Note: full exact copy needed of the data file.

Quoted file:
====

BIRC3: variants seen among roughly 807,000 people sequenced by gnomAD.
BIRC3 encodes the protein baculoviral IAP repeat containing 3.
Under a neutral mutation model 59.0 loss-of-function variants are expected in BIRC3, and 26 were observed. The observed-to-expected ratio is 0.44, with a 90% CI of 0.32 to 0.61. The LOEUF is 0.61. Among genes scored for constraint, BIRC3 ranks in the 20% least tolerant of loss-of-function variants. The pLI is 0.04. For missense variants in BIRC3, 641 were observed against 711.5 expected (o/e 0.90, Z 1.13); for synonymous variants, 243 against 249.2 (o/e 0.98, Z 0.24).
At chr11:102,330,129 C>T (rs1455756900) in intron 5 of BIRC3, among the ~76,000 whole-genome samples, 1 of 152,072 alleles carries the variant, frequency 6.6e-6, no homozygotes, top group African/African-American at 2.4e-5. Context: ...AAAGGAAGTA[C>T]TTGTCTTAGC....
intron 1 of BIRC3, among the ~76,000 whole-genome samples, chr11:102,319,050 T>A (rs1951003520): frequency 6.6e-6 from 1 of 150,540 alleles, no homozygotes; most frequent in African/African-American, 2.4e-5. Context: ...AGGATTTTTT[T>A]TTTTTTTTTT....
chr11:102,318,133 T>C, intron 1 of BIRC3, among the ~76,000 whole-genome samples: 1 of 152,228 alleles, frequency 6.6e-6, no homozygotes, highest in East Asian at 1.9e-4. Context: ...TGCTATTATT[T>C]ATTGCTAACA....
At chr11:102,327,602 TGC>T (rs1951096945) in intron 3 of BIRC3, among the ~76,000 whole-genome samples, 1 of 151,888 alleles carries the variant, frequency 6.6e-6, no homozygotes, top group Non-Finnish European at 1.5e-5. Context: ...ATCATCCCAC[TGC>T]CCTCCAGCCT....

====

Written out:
BIRC3: variants seen among roughly 807,000 people sequenced by gnomAD.
BIRC3 encodes the protein baculoviral IAP repeat containing 3.
Under a neutral mutation model 59.0 loss-of-function variants are expected in BIRC3, and 26 were observed. The observed-to-expected ratio is 0.44, with a 90% CI of 0.32 to 0.61. The LOEUF is 0.61. Among genes scored for constraint, BIRC3 ranks in the 20% least tolerant of loss-of-function variants. The pLI is 0.04. For missense variants in BIRC3, 641 were observed against 711.5 expected (o/e 0.90, Z 1.13); for synonymous variants, 243 against 249.2 (o/e 0.98, Z 0.24).
At chr11:102,330,129 C>T (rs1455756900) in intron 5 of BIRC3, among the ~76,000 whole-genome samples, 1 of 152,072 alleles carries the variant, frequency 6.6e-6, no homozygotes, top group African/African-American at 2.4e-5. Context: ...AAAGGAAGTA[C>T]TTGTCTTAGC....
intron 1 of BIRC3, among the ~76,000 whole-genome samples, chr11:102,319,050 T>A (rs1951003520): frequency 6.6e-6 from 1 of 150,540 alleles, no homozygotes; most frequent in African/African-American, 2.4e-5. Context: ...AGGATTTTTT[T>A]TTTTTTTTTT....
chr11:102,318,133 T>C, intron 1 of BIRC3, among the ~76,000 whole-genome samples: 1 of 152,228 alleles, frequency 6.6e-6, no homozygotes, highest in East Asian at 1.9e-4. Context: ...TGCTATTATT[T>C]ATTGCTAACA....
At chr11:102,327,602 TGC>T (rs1951096945) in intron 3 of BIRC3, among the ~76,000 whole-genome samples, 1 of 151,888 alleles carries the variant, frequency 6.6e-6, no homozygotes, top group Non-Finnish European at 1.5e-5. Context: ...ATCATCCCAC[TGC>T]CCTCCAGCCT....